Christmastime is when many folks get their priorities straight. They feed the hungry, care for the homeless and fill the food banks. The ones who do this usually do it year round. But every Christmas new folks see the light and help out. This time for spreading joy, singing and hearing faintly a spiritual message is also about shopping. There is no joy in the malls. (Remember this is an opinion piece.) And it is a time of proselytizing.
I have friends who are ardent in their proselytizing of Muslims year round. They prefer to use the term “witnessing” to Muslims. The New Testament is a strong advocate of witnessing about and for the Christian faith. But proselytizing? Prose-lytism is the effort to convert from one belief or faith to another.
These Christian witnesses are attempting to make proselytes. The one way to get a Muslim into hot water with his family and friends is to talk to them about the Christian Lord Jesus Christ.
In Afghanistan last year, the world learned of a long-time Muslim convert to Christianity being threatened with death by the Afghan courts. With international pressure, he was allowed to flee the country.
The persecution of Christians in war-torn Iraq is not completely religious in nature. The Islamic extremist campaign of forcing Chris-tians to leave their districts or home is political and has little to do with faith.
When they are displaced, armed men tell them there are three options: Convert to Islam, leave, or die. Some have only hours to pack. More than half the one million Christians in Iraq have fled or died.
Richard Wells (see his Web site at www.iraqprayer.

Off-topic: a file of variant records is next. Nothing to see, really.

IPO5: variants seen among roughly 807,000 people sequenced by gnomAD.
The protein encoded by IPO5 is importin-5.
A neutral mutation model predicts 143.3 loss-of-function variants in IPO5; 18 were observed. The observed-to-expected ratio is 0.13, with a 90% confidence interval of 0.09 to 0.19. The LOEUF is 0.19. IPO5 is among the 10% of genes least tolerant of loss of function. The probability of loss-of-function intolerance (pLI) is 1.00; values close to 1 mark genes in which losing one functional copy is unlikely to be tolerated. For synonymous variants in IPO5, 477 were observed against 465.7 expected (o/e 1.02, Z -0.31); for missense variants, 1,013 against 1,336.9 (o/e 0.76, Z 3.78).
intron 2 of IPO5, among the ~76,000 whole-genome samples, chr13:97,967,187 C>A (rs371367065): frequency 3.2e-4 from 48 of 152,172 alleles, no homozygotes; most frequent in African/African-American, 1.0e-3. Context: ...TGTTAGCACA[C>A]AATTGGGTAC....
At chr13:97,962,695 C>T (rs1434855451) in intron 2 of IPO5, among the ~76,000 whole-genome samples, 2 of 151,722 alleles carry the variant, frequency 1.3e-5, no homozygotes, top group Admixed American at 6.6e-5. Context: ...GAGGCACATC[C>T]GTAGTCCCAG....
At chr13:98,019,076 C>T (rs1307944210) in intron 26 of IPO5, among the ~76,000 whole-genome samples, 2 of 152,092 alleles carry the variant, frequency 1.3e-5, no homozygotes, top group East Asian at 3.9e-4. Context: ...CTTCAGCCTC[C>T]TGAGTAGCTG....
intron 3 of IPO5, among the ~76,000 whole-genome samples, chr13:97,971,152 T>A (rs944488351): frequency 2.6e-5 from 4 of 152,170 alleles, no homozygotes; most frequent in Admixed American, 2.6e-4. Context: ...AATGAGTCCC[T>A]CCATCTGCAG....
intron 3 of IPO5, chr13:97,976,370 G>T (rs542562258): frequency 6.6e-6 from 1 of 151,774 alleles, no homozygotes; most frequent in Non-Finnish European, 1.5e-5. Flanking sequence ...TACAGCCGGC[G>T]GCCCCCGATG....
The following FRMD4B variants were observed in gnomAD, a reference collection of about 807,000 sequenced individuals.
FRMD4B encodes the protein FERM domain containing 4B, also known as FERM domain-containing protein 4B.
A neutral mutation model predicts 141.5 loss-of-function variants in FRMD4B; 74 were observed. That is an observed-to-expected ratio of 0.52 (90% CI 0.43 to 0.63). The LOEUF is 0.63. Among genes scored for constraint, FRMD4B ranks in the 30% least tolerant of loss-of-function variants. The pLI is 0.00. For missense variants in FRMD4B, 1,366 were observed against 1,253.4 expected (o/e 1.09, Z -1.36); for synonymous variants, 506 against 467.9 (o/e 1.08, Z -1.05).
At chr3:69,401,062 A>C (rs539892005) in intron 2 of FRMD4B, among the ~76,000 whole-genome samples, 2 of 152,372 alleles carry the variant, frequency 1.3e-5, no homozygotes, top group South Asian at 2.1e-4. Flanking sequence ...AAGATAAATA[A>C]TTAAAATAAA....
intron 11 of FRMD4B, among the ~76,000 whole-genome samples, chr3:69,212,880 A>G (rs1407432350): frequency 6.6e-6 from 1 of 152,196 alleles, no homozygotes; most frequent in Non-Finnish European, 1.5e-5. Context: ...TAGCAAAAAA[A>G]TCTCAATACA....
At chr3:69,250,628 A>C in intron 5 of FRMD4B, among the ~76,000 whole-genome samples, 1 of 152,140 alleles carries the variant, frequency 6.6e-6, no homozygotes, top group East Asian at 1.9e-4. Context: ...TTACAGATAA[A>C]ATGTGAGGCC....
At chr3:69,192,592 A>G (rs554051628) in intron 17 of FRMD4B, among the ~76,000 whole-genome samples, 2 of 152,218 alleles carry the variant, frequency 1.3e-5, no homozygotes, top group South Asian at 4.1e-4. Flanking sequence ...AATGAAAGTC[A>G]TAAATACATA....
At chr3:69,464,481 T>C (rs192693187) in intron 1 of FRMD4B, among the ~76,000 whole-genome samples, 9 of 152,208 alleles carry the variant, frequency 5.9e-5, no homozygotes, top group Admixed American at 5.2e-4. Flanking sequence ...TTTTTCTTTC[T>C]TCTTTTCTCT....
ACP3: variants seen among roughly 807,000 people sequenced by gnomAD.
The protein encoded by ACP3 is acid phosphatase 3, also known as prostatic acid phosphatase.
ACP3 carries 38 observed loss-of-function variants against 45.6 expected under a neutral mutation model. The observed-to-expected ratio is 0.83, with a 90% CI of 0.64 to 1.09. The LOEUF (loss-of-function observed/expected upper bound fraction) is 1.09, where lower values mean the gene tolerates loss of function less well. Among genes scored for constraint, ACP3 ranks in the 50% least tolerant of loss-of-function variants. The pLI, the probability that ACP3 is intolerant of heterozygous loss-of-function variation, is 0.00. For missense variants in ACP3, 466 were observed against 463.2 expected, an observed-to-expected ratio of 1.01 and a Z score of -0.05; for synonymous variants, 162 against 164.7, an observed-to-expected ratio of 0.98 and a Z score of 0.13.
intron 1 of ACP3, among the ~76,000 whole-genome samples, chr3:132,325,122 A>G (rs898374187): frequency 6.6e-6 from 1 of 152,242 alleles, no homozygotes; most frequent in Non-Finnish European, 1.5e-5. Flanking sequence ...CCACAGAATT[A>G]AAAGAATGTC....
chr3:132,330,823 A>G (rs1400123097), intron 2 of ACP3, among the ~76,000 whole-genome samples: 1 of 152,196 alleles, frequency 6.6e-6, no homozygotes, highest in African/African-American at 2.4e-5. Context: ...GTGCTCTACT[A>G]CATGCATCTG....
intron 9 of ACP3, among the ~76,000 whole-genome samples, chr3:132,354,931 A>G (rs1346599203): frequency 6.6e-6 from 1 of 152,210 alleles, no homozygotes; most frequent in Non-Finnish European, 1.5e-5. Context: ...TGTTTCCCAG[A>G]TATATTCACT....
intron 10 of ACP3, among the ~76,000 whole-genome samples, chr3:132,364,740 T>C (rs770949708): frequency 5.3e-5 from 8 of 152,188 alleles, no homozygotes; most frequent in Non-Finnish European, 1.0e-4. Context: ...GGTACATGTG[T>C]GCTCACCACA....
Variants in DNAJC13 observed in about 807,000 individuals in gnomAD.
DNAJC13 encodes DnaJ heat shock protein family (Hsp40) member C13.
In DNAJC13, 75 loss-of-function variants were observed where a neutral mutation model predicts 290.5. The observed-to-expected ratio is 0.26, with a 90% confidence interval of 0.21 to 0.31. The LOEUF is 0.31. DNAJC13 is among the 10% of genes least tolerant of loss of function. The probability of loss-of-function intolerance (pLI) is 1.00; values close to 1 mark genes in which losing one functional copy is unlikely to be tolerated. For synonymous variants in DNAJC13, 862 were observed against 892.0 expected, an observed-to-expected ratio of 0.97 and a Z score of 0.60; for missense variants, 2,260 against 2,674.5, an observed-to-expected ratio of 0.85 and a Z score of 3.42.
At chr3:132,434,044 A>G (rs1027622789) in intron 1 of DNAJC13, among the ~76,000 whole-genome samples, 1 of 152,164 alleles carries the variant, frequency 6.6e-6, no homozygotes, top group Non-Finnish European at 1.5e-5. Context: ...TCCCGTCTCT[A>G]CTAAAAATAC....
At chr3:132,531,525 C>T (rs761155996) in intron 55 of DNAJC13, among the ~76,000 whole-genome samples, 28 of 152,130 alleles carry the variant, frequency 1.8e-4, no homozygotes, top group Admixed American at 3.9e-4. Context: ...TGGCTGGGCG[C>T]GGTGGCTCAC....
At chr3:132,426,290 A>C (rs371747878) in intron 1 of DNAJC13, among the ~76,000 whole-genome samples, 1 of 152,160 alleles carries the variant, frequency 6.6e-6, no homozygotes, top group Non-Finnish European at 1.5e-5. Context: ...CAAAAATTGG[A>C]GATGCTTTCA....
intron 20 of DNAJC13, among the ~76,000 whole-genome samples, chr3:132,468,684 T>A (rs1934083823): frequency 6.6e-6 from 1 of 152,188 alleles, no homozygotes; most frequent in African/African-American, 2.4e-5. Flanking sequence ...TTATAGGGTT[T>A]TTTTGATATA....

org) wrote me that the only Catholic seminary in Iraq relocated from Baghdad to the Kurdish area in January 2007. This because of threats and the kidnapping of one of the staff.
In June this year, Father Ragheed Ganni and three aides were shot dead as they left the Church of the Holy Spirit. October 2006, Father Boulos Iskandar of the Syrian Orthodox Church was kidnapped and murdered. These are just a couple of those we hear about.
Wells continues to explain: “Religious persecution is defined as the violation of human rights for religious reasons. Therefore, there is little, if any, religious persecution in Iraq since the suffering is as a result of economic, social and political motivations, even if in some cases there is a religious veneer.”
Christians were in Mesopotamia before Mohammed began Islam. Jews and Christians influenced him early on, but the luster wore off. The last 1400 years Christians have been a vulnerable minority. Today they are also perceived as a tool of Western countries, hence an enemy.
The invasion of Iraq by a “Christian” Western nation has been viewed by many in the Middle East in a far different light than we in the West. America went to war because it could. Liberations lose their glow as the occupation sets in. “There is a way which seemeth right unto a man, but the end thereof are the ways of death.” (Proverbs 14:12)
Trying to change a man’s faith just continues the infamous Crusades. There is a world of people with no faith, no religion. Go to them with the message. Quit trying to make Baptists out of Methodists or believers out of Muslims. Go to those who have never heard the Gospel story. The Muslims have heard a version of the story and like it or not, agree with it or not, they have made their choice. Christian friends witness to the unwashed masses who have no religious faith.
If you have read this far, as Bob Hope said in his book, “They’ve Got Me Covered,” you must be a friend. I hope you have a Christmas that deepens your faith, sets new priorities and you are a blessing to all you meet along the way.
Britt Towery is a former missionary, freelance writer and published author. He welcomes reader feedback at firstname.lastname@example.org.